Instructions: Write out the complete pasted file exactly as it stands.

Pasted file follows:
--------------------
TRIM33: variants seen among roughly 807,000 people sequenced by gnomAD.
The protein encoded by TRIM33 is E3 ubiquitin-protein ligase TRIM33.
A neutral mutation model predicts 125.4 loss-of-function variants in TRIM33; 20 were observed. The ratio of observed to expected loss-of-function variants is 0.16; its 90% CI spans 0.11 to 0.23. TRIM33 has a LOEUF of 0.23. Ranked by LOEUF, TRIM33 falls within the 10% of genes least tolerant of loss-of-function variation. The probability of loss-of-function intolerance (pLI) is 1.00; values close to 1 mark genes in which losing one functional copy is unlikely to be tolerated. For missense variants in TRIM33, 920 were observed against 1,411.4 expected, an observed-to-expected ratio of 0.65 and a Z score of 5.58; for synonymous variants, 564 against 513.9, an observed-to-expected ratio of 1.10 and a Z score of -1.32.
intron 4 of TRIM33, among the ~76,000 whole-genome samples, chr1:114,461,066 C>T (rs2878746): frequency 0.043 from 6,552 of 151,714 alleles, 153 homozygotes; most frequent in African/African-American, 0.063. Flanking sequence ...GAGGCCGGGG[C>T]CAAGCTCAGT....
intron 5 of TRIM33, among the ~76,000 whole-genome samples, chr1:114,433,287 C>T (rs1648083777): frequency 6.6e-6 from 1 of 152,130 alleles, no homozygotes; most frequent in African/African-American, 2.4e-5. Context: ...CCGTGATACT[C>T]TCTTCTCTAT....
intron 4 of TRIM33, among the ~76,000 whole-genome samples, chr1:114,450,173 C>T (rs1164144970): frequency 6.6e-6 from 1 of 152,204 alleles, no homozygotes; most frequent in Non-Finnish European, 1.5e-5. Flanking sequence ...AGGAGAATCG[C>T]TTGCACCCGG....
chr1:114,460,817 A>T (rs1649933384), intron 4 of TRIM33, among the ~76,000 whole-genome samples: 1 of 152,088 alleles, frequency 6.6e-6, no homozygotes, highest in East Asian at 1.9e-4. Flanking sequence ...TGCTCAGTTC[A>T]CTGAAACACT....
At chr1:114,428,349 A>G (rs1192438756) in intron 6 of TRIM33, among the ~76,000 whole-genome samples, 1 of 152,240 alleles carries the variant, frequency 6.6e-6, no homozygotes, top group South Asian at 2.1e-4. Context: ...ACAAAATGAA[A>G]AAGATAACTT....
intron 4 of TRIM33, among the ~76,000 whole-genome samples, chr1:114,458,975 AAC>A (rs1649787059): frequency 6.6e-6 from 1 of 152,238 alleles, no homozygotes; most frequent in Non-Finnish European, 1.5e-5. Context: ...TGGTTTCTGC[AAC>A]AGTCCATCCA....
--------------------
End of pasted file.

TRIM33: variants seen among roughly 807,000 people sequenced by gnomAD.
The protein encoded by TRIM33 is E3 ubiquitin-protein ligase TRIM33.
A neutral mutation model predicts 125.4 loss-of-function variants in TRIM33; 20 were observed. The ratio of observed to expected loss-of-function variants is 0.16; its 90% CI spans 0.11 to 0.23. TRIM33 has a LOEUF of 0.23. Ranked by LOEUF, TRIM33 falls within the 10% of genes least tolerant of loss-of-function variation. The probability of loss-of-function intolerance (pLI) is 1.00; values close to 1 mark genes in which losing one functional copy is unlikely to be tolerated. For missense variants in TRIM33, 920 were observed against 1,411.4 expected, an observed-to-expected ratio of 0.65 and a Z score of 5.58; for synonymous variants, 564 against 513.9, an observed-to-expected ratio of 1.10 and a Z score of -1.32.
intron 4 of TRIM33, among the ~76,000 whole-genome samples, chr1:114,461,066 C>T (rs2878746): frequency 0.043 from 6,552 of 151,714 alleles, 153 homozygotes; most frequent in African/African-American, 0.063. Flanking sequence ...GAGGCCGGGG[C>T]CAAGCTCAGT....
intron 5 of TRIM33, among the ~76,000 whole-genome samples, chr1:114,433,287 C>T (rs1648083777): frequency 6.6e-6 from 1 of 152,130 alleles, no homozygotes; most frequent in African/African-American, 2.4e-5. Context: ...CCGTGATACT[C>T]TCTTCTCTAT....
intron 4 of TRIM33, among the ~76,000 whole-genome samples, chr1:114,450,173 C>T (rs1164144970): frequency 6.6e-6 from 1 of 152,204 alleles, no homozygotes; most frequent in Non-Finnish European, 1.5e-5. Flanking sequence ...AGGAGAATCG[C>T]TTGCACCCGG....
chr1:114,460,817 A>T (rs1649933384), intron 4 of TRIM33, among the ~76,000 whole-genome samples: 1 of 152,088 alleles, frequency 6.6e-6, no homozygotes, highest in East Asian at 1.9e-4. Flanking sequence ...TGCTCAGTTC[A>T]CTGAAACACT....
At chr1:114,428,349 A>G (rs1192438756) in intron 6 of TRIM33, among the ~76,000 whole-genome samples, 1 of 152,240 alleles carries the variant, frequency 6.6e-6, no homozygotes, top group South Asian at 2.1e-4. Context: ...ACAAAATGAA[A>G]AAGATAACTT....
intron 4 of TRIM33, among the ~76,000 whole-genome samples, chr1:114,458,975 AAC>A (rs1649787059): frequency 6.6e-6 from 1 of 152,238 alleles, no homozygotes; most frequent in Non-Finnish European, 1.5e-5. Context: ...TGGTTTCTGC[AAC>A]AGTCCATCCA....